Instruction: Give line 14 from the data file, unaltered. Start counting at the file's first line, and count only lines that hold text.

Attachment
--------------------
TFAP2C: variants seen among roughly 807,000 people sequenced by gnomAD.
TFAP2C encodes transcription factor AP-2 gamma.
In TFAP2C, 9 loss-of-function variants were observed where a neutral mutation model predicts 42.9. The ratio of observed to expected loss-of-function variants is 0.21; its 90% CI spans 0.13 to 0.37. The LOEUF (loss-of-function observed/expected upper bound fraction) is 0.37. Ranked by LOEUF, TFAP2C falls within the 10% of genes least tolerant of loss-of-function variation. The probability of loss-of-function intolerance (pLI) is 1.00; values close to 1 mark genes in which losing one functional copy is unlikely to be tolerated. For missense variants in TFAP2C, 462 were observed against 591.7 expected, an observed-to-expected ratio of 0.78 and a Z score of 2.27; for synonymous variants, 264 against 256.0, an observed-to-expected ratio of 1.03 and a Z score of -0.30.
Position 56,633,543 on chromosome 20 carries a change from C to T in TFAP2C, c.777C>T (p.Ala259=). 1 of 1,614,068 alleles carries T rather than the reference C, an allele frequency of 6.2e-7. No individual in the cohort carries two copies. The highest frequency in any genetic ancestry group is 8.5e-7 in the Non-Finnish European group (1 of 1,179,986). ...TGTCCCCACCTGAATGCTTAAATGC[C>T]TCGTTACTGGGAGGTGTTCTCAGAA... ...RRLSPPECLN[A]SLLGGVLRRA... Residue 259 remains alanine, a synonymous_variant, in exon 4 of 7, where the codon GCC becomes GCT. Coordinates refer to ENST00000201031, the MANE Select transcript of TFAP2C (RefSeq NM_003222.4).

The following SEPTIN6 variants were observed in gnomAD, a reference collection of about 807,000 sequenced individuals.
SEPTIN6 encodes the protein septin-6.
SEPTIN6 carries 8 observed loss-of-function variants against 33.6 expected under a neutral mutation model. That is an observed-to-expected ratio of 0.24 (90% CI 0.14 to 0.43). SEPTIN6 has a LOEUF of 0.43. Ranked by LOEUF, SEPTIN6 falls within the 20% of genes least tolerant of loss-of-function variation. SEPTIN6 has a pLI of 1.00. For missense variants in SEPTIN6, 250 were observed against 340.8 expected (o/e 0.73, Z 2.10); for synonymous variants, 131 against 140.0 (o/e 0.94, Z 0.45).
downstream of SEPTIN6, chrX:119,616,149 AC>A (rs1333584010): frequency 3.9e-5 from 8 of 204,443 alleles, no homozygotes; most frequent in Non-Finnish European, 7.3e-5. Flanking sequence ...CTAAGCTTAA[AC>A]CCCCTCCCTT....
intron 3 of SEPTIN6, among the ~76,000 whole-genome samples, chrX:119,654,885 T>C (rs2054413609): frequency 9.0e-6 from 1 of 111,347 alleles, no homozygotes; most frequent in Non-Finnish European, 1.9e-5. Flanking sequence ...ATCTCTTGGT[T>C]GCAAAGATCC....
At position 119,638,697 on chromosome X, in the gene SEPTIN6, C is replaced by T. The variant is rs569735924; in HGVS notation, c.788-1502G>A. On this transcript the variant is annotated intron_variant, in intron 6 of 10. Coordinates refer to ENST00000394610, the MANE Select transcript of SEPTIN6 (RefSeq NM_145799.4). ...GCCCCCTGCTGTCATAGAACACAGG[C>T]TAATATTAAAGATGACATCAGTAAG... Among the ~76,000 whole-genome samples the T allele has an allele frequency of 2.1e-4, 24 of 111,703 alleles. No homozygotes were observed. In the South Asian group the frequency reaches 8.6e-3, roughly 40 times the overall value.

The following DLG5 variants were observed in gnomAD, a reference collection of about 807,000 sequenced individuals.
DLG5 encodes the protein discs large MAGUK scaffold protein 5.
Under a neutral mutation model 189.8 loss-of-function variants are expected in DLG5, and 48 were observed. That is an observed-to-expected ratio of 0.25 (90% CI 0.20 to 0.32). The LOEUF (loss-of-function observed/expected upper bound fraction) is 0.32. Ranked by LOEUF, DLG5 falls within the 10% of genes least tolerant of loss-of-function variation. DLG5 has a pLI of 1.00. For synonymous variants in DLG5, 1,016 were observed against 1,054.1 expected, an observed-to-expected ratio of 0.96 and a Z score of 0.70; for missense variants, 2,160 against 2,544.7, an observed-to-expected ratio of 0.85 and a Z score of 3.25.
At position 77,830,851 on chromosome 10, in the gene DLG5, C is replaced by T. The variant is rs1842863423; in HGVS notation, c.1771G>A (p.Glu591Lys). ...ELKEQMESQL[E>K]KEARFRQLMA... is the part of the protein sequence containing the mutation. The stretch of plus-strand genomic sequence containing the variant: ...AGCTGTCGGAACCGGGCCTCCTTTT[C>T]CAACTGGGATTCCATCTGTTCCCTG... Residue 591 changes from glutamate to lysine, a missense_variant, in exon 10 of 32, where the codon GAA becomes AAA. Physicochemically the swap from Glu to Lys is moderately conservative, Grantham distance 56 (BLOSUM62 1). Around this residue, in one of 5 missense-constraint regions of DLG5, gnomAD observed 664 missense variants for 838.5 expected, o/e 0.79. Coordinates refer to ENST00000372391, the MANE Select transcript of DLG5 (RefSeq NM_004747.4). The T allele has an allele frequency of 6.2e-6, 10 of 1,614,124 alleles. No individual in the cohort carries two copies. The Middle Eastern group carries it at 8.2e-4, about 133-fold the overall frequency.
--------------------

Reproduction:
At position 77,830,851 on chromosome 10, in the gene DLG5, C is replaced by T. The variant is rs1842863423; in HGVS notation, c.1771G>A (p.Glu591Lys). ...ELKEQMESQL[E>K]KEARFRQLMA... is the part of the protein sequence containing the mutation. The stretch of plus-strand genomic sequence containing the variant: ...AGCTGTCGGAACCGGGCCTCCTTTT[C>T]CAACTGGGATTCCATCTGTTCCCTG... Residue 591 changes from glutamate to lysine, a missense_variant, in exon 10 of 32, where the codon GAA becomes AAA. Physicochemically the swap from Glu to Lys is moderately conservative, Grantham distance 56 (BLOSUM62 1). Around this residue, in one of 5 missense-constraint regions of DLG5, gnomAD observed 664 missense variants for 838.5 expected, o/e 0.79. Coordinates refer to ENST00000372391, the MANE Select transcript of DLG5 (RefSeq NM_004747.4). The T allele has an allele frequency of 6.2e-6, 10 of 1,614,124 alleles. No individual in the cohort carries two copies. The Middle Eastern group carries it at 8.2e-4, about 133-fold the overall frequency.